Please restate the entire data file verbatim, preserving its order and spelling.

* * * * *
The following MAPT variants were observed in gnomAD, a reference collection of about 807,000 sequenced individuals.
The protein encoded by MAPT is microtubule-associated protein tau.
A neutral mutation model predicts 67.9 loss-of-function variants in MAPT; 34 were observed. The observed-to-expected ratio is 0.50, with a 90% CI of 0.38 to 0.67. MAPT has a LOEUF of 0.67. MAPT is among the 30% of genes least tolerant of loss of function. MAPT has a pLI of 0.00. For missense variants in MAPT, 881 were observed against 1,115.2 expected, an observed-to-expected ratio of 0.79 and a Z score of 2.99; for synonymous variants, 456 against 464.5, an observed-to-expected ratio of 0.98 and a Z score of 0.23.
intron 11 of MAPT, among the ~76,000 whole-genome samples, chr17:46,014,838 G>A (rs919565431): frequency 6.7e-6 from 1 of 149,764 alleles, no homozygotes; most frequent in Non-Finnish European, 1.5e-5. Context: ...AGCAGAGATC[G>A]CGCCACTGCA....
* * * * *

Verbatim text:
The following MAPT variants were observed in gnomAD, a reference collection of about 807,000 sequenced individuals.
The protein encoded by MAPT is microtubule-associated protein tau.
A neutral mutation model predicts 67.9 loss-of-function variants in MAPT; 34 were observed. The observed-to-expected ratio is 0.50, with a 90% CI of 0.38 to 0.67. MAPT has a LOEUF of 0.67. MAPT is among the 30% of genes least tolerant of loss of function. MAPT has a pLI of 0.00. For missense variants in MAPT, 881 were observed against 1,115.2 expected, an observed-to-expected ratio of 0.79 and a Z score of 2.99; for synonymous variants, 456 against 464.5, an observed-to-expected ratio of 0.98 and a Z score of 0.23.
intron 11 of MAPT, among the ~76,000 whole-genome samples, chr17:46,014,838 G>A (rs919565431): frequency 6.7e-6 from 1 of 149,764 alleles, no homozygotes; most frequent in Non-Finnish European, 1.5e-5. Context: ...AGCAGAGATC[G>A]CGCCACTGCA....